0
$\begingroup$

In class, my professor went over a method for finding the net ionic equation without determining the balanced equation (e.g., if finding the balanced equation was too difficult for us students). It involved writing the ions of each of the solutions being mixed and determining which ions would be spectator ions.

For example, finding the net ionic equation for the following mixture of solutions:

$\ce{NaC_2H_3O_3 + BaCl_2 +NH_4NO_3 + K_2CrO_4}$

Unfortunately, I don't quite grasp the process. How does one determine which ions and compounds will remain in the net ionic equation?

$\endgroup$
2
$\begingroup$

This sort of question is really all about solubility. What you're really asking when you're trying to get a net ionic equation is What combinations of the ions are insoluble? Net ionic equations involve only ions that end up as precipitate on the right side of the equation. If you do enough of these problems, you get a feel for the general solubility trends of common ions, but there should be a table in your textbook or have a look here.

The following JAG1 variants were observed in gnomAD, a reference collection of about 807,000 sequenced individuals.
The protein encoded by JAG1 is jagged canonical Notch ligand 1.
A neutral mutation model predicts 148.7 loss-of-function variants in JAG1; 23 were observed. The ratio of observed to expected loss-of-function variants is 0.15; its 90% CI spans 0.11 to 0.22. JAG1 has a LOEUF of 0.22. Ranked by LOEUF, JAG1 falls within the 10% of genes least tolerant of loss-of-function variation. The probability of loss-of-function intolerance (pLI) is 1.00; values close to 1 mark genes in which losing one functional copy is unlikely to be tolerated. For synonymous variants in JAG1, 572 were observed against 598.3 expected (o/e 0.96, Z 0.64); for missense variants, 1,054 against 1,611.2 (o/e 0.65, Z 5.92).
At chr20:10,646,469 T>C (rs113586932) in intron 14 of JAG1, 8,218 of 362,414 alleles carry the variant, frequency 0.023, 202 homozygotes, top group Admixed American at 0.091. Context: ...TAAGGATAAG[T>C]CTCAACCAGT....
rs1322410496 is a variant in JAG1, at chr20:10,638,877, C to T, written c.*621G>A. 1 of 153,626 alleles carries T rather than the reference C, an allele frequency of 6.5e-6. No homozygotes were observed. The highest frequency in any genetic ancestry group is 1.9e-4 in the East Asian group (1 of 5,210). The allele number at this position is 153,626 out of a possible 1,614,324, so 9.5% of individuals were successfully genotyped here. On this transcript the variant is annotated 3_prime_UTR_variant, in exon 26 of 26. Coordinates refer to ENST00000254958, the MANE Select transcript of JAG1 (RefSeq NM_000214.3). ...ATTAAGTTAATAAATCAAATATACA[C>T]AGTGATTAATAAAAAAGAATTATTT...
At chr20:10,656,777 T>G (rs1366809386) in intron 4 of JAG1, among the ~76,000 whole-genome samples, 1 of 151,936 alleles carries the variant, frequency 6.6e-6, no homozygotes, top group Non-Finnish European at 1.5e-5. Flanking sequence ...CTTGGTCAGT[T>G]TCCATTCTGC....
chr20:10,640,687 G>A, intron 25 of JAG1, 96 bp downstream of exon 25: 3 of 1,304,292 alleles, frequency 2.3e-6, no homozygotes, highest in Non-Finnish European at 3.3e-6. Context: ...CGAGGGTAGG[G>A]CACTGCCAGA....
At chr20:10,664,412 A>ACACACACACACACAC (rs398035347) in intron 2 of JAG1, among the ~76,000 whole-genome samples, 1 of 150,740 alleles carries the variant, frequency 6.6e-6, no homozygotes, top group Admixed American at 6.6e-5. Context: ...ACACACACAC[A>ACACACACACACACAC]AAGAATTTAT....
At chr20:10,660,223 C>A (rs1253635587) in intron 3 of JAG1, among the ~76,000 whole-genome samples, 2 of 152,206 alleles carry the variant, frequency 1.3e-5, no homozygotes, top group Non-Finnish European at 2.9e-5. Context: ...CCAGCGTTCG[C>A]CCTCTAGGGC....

For this specific example, salts with alkali metal and ammonium cations are soluble. Nitrate and acetate anion salts are soluble. Therefore, all of those end up as spectator ions and we're left with just $\ce{Ba^2+}$ and $\ce{CrO_4^2-}$. Chromate salts other than those of alkali metal cations or ammonia are insoluble (rule 8 in the link), so the net ionic equation is:

$$\ce{Ba^2+_{(aq)} + CrO_4^{2-}_{(aq)} -> BaCrO_{4(s)}}$$

In this case, it's already balanced, but that may not necessarily be true.

$\endgroup$

Your Answer

By clicking “Post Your Answer”, you agree to our terms of service, privacy policy and cookie policy

Not the answer you're looking for? Browse other questions tagged or ask your own question.